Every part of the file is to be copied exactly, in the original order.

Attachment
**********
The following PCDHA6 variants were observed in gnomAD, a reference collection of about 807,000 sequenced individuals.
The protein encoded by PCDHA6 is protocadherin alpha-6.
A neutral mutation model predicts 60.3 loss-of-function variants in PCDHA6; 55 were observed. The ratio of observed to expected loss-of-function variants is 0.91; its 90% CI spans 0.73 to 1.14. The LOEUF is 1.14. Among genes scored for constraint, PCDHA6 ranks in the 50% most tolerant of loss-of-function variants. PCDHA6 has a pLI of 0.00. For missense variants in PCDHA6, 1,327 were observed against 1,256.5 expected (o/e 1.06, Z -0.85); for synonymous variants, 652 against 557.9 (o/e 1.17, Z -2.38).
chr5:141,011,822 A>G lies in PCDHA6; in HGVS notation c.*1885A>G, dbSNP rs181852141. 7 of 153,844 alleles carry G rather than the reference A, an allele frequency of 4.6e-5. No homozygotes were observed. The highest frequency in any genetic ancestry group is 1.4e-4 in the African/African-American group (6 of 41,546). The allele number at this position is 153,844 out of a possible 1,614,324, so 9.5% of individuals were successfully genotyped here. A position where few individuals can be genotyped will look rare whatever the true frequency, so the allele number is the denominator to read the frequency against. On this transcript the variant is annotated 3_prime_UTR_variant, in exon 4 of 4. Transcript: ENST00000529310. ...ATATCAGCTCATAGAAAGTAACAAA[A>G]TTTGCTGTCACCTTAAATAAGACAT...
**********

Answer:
The following PCDHA6 variants were observed in gnomAD, a reference collection of about 807,000 sequenced individuals.
The protein encoded by PCDHA6 is protocadherin alpha-6.
A neutral mutation model predicts 60.3 loss-of-function variants in PCDHA6; 55 were observed. The ratio of observed to expected loss-of-function variants is 0.91; its 90% CI spans 0.73 to 1.14. The LOEUF is 1.14. Among genes scored for constraint, PCDHA6 ranks in the 50% most tolerant of loss-of-function variants. PCDHA6 has a pLI of 0.00. For missense variants in PCDHA6, 1,327 were observed against 1,256.5 expected (o/e 1.06, Z -0.85); for synonymous variants, 652 against 557.9 (o/e 1.17, Z -2.38).
chr5:141,011,822 A>G lies in PCDHA6; in HGVS notation c.*1885A>G, dbSNP rs181852141. 7 of 153,844 alleles carry G rather than the reference A, an allele frequency of 4.6e-5. No homozygotes were observed. The highest frequency in any genetic ancestry group is 1.4e-4 in the African/African-American group (6 of 41,546). The allele number at this position is 153,844 out of a possible 1,614,324, so 9.5% of individuals were successfully genotyped here. A position where few individuals can be genotyped will look rare whatever the true frequency, so the allele number is the denominator to read the frequency against. On this transcript the variant is annotated 3_prime_UTR_variant, in exon 4 of 4. Transcript: ENST00000529310. ...ATATCAGCTCATAGAAAGTAACAAA[A>G]TTTGCTGTCACCTTAAATAAGACAT...